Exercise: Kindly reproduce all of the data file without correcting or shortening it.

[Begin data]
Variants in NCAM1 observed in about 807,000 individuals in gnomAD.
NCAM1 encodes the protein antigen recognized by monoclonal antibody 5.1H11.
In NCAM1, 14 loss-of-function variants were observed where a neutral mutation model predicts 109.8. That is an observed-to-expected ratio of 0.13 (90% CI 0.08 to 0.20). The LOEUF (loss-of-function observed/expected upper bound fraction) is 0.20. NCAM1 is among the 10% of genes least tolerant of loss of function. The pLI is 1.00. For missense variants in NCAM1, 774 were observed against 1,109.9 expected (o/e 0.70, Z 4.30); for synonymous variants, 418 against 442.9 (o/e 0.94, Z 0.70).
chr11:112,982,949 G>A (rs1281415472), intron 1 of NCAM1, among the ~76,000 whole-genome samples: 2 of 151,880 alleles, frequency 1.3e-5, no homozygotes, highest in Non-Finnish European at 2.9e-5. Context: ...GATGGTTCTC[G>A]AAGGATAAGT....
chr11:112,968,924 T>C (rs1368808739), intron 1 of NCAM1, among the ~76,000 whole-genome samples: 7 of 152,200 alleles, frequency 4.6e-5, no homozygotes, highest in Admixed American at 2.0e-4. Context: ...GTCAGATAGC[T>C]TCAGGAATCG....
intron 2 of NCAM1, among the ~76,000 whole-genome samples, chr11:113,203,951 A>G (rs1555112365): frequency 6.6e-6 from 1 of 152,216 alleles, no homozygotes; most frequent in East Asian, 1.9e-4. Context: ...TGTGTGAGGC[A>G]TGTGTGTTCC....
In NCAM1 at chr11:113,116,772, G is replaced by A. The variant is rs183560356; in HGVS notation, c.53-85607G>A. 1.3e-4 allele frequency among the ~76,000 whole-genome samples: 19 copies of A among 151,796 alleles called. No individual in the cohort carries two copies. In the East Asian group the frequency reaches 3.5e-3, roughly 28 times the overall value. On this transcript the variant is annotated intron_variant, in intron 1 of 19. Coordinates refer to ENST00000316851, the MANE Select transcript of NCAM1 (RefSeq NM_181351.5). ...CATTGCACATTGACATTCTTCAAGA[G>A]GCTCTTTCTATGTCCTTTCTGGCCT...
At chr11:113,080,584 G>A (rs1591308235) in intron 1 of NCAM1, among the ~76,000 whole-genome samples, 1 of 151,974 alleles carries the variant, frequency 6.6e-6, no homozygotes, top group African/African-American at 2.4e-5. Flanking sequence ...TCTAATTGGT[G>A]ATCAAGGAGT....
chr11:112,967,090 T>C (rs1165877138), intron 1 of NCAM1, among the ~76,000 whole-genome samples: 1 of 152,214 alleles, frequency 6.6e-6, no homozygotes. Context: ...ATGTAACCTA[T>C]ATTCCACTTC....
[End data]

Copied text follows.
Variants in NCAM1 observed in about 807,000 individuals in gnomAD.
NCAM1 encodes the protein antigen recognized by monoclonal antibody 5.1H11.
In NCAM1, 14 loss-of-function variants were observed where a neutral mutation model predicts 109.8. That is an observed-to-expected ratio of 0.13 (90% CI 0.08 to 0.20). The LOEUF (loss-of-function observed/expected upper bound fraction) is 0.20. NCAM1 is among the 10% of genes least tolerant of loss of function. The pLI is 1.00. For missense variants in NCAM1, 774 were observed against 1,109.9 expected (o/e 0.70, Z 4.30); for synonymous variants, 418 against 442.9 (o/e 0.94, Z 0.70).
chr11:112,982,949 G>A (rs1281415472), intron 1 of NCAM1, among the ~76,000 whole-genome samples: 2 of 151,880 alleles, frequency 1.3e-5, no homozygotes, highest in Non-Finnish European at 2.9e-5. Context: ...GATGGTTCTC[G>A]AAGGATAAGT....
chr11:112,968,924 T>C (rs1368808739), intron 1 of NCAM1, among the ~76,000 whole-genome samples: 7 of 152,200 alleles, frequency 4.6e-5, no homozygotes, highest in Admixed American at 2.0e-4. Context: ...GTCAGATAGC[T>C]TCAGGAATCG....
intron 2 of NCAM1, among the ~76,000 whole-genome samples, chr11:113,203,951 A>G (rs1555112365): frequency 6.6e-6 from 1 of 152,216 alleles, no homozygotes; most frequent in East Asian, 1.9e-4. Context: ...TGTGTGAGGC[A>G]TGTGTGTTCC....
In NCAM1 at chr11:113,116,772, G is replaced by A. The variant is rs183560356; in HGVS notation, c.53-85607G>A. 1.3e-4 allele frequency among the ~76,000 whole-genome samples: 19 copies of A among 151,796 alleles called. No individual in the cohort carries two copies. In the East Asian group the frequency reaches 3.5e-3, roughly 28 times the overall value. On this transcript the variant is annotated intron_variant, in intron 1 of 19. Coordinates refer to ENST00000316851, the MANE Select transcript of NCAM1 (RefSeq NM_181351.5). ...CATTGCACATTGACATTCTTCAAGA[G>A]GCTCTTTCTATGTCCTTTCTGGCCT...
At chr11:113,080,584 G>A (rs1591308235) in intron 1 of NCAM1, among the ~76,000 whole-genome samples, 1 of 151,974 alleles carries the variant, frequency 6.6e-6, no homozygotes, top group African/African-American at 2.4e-5. Flanking sequence ...TCTAATTGGT[G>A]ATCAAGGAGT....
chr11:112,967,090 T>C (rs1165877138), intron 1 of NCAM1, among the ~76,000 whole-genome samples: 1 of 152,214 alleles, frequency 6.6e-6, no homozygotes. Context: ...ATGTAACCTA[T>C]ATTCCACTTC....